Tutorial - Working with glazes

by Roman aka jar

posted by roman, jarhead, kong

Glazes, thinned colours, dillution, etc. - let's talk about it in here. A basic information, which for sure is only from my point of view and there is no promise for its full explanation. You know my brain is sometimes some kind of swiss cheese.

Don't use the colours straight from the pot – always add a part of water. To get a better hold of my instructions in here I have provided a small introduction to glazes in addition what I mean personally by a glaze.

Don't use too much colour from your pot when starting, you won't need as much as you might think in the end, like the same when being hungry and grab for bananas.

What is a glaze?

A glaze is a water-thinned Colour whose watery substance contains the original colour pigments of the tone. I mix up my colours by using a wet palette.

You can use every normal colour as a glaze by adding water to it (not washes and inks, they are already some sort of glazes but always with their unique side effects). Glazes created by normal colours, for example from GW's Citadel range dry out matt again, sometimes inks and washes don't. Put your brush in the glaze and when you are able to see the ground of your mixing ground or your wet palette while moving it through the thinned colour you are doing right.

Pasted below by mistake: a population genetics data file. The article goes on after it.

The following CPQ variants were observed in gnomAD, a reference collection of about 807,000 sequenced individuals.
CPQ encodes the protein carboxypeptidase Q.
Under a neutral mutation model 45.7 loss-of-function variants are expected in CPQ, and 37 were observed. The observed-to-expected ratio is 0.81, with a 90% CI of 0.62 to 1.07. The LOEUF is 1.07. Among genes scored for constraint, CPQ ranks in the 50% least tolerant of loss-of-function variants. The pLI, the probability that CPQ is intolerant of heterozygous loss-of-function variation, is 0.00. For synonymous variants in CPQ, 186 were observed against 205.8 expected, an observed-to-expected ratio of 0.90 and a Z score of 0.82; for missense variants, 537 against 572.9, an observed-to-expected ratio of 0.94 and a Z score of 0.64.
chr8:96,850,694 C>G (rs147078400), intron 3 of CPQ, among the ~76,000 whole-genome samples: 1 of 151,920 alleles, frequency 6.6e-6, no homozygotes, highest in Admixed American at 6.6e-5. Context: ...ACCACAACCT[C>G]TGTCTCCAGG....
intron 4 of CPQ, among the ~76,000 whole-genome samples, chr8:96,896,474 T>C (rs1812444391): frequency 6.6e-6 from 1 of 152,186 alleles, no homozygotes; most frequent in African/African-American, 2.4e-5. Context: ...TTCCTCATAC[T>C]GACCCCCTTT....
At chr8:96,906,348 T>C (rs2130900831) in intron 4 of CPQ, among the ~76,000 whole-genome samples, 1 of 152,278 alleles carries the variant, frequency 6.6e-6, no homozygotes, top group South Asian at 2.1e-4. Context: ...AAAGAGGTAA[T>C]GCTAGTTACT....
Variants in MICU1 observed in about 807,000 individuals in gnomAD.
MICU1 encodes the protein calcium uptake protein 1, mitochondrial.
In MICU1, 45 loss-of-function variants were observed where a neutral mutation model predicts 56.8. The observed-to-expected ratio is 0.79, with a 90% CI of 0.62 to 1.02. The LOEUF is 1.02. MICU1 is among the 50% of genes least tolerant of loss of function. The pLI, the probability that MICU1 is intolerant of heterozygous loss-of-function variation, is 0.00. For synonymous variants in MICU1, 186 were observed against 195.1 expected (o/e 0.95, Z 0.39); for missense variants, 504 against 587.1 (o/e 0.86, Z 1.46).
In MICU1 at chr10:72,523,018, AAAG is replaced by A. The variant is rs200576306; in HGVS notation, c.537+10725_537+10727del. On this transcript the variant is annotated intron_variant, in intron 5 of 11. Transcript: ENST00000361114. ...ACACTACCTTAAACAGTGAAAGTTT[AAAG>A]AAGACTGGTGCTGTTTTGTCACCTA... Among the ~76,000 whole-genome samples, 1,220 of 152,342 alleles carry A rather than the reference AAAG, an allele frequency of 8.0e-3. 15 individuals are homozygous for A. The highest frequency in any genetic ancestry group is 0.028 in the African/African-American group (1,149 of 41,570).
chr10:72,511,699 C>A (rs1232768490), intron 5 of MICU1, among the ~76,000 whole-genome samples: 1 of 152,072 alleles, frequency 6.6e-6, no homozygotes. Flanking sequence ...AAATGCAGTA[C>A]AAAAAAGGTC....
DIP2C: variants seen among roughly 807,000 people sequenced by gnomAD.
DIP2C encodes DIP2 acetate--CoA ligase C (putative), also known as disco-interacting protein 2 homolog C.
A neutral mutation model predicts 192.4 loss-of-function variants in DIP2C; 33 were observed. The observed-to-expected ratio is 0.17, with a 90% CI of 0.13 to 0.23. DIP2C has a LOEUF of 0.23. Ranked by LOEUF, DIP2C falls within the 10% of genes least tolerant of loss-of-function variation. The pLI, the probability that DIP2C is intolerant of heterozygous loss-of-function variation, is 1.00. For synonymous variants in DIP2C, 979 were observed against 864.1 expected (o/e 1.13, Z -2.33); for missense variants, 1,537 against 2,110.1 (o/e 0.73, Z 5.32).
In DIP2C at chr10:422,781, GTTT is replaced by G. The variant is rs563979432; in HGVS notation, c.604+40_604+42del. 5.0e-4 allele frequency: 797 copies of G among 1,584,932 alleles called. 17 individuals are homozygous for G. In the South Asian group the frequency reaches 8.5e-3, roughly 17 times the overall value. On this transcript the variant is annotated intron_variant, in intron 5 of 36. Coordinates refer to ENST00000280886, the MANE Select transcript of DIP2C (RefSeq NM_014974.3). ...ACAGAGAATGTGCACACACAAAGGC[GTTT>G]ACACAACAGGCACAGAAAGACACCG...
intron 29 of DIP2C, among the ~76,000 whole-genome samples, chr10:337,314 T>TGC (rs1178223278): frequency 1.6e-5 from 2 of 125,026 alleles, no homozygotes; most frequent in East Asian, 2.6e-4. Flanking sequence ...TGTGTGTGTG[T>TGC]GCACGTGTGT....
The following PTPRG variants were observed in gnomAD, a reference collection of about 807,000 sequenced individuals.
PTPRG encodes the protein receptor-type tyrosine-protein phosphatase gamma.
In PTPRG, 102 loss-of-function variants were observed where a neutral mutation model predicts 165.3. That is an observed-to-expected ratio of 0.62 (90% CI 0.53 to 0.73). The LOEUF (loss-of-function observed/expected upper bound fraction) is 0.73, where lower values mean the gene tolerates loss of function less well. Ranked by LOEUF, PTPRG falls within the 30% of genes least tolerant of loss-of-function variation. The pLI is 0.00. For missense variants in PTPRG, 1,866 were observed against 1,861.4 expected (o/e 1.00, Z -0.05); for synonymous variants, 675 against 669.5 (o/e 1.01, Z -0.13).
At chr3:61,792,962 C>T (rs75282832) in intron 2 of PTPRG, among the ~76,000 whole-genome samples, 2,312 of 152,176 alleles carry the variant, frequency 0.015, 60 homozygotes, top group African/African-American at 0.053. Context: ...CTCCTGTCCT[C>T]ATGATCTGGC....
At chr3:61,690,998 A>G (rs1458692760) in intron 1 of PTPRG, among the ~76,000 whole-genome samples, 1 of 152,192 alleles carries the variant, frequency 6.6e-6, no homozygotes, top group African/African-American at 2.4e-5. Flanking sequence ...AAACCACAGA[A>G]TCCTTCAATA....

You also may see how thin your glaze is while moving it over a tissue:






How to use a glaze?

Now if you did mix up your glaze bring in your brush and get some of the watery-colour up. Don't go straight on the miniature with that. The water in your brush will flood your miniature. To work against this just dry the brush a bit off from the water by pulling it over a tissue or your thumb skin. The exact amount of dried off water is for sure a part of practice - my tip is: better more dry than too wet. Thrust me you'll get a feeling of that while doing and only by doing - only reading this won't help.


After this you can safely bring the  paintbrush with the glaze to the miniature, the colour pigments are still in it. Start from a bright basic colour with your glaze. I really love to bring shadows in by using glazes. But i guess everyone will make different experiences with that on their own.